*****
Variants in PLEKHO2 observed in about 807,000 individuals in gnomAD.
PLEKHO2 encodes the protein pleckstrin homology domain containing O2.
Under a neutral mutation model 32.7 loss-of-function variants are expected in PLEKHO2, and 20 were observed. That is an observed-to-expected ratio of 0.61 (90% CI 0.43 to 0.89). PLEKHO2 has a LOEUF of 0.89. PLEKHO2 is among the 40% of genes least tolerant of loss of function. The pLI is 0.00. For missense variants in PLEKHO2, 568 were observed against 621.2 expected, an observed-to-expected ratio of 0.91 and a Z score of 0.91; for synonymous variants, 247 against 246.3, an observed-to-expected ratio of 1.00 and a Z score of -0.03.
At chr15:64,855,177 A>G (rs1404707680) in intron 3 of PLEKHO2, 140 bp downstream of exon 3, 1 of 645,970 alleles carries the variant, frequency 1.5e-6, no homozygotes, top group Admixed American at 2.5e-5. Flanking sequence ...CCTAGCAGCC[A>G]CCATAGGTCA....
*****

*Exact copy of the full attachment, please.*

Variants in PLEKHO2 observed in about 807,000 individuals in gnomAD.
PLEKHO2 encodes the protein pleckstrin homology domain containing O2.
Under a neutral mutation model 32.7 loss-of-function variants are expected in PLEKHO2, and 20 were observed. That is an observed-to-expected ratio of 0.61 (90% CI 0.43 to 0.89). PLEKHO2 has a LOEUF of 0.89. PLEKHO2 is among the 40% of genes least tolerant of loss of function. The pLI is 0.00. For missense variants in PLEKHO2, 568 were observed against 621.2 expected, an observed-to-expected ratio of 0.91 and a Z score of 0.91; for synonymous variants, 247 against 246.3, an observed-to-expected ratio of 1.00 and a Z score of -0.03.
At chr15:64,855,177 A>G (rs1404707680) in intron 3 of PLEKHO2, 140 bp downstream of exon 3, 1 of 645,970 alleles carries the variant, frequency 1.5e-6, no homozygotes, top group Admixed American at 2.5e-5. Flanking sequence ...CCTAGCAGCC[A>G]CCATAGGTCA....